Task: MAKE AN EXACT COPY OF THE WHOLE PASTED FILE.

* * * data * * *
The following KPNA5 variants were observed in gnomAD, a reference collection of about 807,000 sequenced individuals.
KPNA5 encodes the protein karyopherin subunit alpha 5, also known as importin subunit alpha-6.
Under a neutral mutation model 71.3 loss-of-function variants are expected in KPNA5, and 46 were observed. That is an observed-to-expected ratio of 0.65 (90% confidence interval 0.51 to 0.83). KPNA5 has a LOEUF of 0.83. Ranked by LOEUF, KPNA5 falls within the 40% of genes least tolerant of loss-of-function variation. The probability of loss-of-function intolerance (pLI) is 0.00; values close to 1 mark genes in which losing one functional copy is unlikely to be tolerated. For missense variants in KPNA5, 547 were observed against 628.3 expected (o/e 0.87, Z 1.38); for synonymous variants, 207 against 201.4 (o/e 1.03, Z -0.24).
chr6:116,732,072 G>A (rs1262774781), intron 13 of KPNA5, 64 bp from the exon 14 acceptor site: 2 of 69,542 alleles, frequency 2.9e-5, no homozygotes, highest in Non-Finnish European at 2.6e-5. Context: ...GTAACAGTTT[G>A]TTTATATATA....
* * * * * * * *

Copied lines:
The following KPNA5 variants were observed in gnomAD, a reference collection of about 807,000 sequenced individuals.
KPNA5 encodes the protein karyopherin subunit alpha 5, also known as importin subunit alpha-6.
Under a neutral mutation model 71.3 loss-of-function variants are expected in KPNA5, and 46 were observed. That is an observed-to-expected ratio of 0.65 (90% confidence interval 0.51 to 0.83). KPNA5 has a LOEUF of 0.83. Ranked by LOEUF, KPNA5 falls within the 40% of genes least tolerant of loss-of-function variation. The probability of loss-of-function intolerance (pLI) is 0.00; values close to 1 mark genes in which losing one functional copy is unlikely to be tolerated. For missense variants in KPNA5, 547 were observed against 628.3 expected (o/e 0.87, Z 1.38); for synonymous variants, 207 against 201.4 (o/e 1.03, Z -0.24).
chr6:116,732,072 G>A (rs1262774781), intron 13 of KPNA5, 64 bp from the exon 14 acceptor site: 2 of 69,542 alleles, frequency 2.9e-5, no homozygotes, highest in Non-Finnish European at 2.6e-5. Context: ...GTAACAGTTT[G>A]TTTATATATA....